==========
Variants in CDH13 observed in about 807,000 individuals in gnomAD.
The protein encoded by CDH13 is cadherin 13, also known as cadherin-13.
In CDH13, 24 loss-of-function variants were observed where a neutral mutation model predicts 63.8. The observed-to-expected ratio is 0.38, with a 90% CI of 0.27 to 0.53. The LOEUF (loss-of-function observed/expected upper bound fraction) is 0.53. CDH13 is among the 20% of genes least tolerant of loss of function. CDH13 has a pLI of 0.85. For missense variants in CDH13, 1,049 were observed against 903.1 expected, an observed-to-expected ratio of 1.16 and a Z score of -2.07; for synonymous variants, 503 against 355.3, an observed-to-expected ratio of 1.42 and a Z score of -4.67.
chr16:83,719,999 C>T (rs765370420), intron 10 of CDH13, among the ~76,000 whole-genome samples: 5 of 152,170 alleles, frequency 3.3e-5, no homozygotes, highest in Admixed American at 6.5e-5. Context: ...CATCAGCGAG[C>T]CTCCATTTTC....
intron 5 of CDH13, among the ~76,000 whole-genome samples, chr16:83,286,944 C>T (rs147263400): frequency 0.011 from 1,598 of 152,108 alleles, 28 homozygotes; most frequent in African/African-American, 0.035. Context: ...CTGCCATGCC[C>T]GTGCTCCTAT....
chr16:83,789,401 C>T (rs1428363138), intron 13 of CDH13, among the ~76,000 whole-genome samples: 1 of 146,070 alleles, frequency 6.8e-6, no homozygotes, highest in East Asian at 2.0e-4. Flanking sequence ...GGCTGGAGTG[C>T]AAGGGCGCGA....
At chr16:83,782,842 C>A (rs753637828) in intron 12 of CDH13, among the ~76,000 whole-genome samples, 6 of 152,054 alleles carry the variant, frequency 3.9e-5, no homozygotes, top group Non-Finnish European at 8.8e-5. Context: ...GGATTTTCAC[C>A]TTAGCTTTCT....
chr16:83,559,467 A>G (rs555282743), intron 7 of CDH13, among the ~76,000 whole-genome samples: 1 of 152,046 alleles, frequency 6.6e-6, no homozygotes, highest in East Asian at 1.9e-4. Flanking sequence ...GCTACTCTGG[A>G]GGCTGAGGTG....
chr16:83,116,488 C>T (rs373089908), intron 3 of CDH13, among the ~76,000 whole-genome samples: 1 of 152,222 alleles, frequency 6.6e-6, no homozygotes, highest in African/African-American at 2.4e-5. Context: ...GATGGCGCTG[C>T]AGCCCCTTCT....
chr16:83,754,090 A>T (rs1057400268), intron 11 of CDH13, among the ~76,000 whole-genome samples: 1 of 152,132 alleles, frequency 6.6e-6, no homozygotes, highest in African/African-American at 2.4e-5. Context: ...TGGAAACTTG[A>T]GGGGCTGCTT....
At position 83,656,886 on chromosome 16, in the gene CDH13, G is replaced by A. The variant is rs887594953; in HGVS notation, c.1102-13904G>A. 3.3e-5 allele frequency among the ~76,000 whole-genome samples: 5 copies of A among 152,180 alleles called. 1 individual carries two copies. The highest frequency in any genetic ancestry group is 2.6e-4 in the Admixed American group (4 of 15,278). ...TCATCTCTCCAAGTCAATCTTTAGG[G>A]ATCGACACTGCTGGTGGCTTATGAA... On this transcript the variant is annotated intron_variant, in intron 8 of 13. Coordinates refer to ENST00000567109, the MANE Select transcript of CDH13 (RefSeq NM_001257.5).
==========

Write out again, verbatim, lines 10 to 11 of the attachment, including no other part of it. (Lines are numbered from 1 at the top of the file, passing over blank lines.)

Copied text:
chr16:83,754,090 A>T (rs1057400268), intron 11 of CDH13, among the ~76,000 whole-genome samples: 1 of 152,132 alleles, frequency 6.6e-6, no homozygotes, highest in African/African-American at 2.4e-5. Context: ...TGGAAACTTG[A>T]GGGGCTGCTT....
At position 83,656,886 on chromosome 16, in the gene CDH13, G is replaced by A. The variant is rs887594953; in HGVS notation, c.1102-13904G>A. 3.3e-5 allele frequency among the ~76,000 whole-genome samples: 5 copies of A among 152,180 alleles called. 1 individual carries two copies. The highest frequency in any genetic ancestry group is 2.6e-4 in the Admixed American group (4 of 15,278). ...TCATCTCTCCAAGTCAATCTTTAGG[G>A]ATCGACACTGCTGGTGGCTTATGAA... On this transcript the variant is annotated intron_variant, in intron 8 of 13. Coordinates refer to ENST00000567109, the MANE Select transcript of CDH13 (RefSeq NM_001257.5).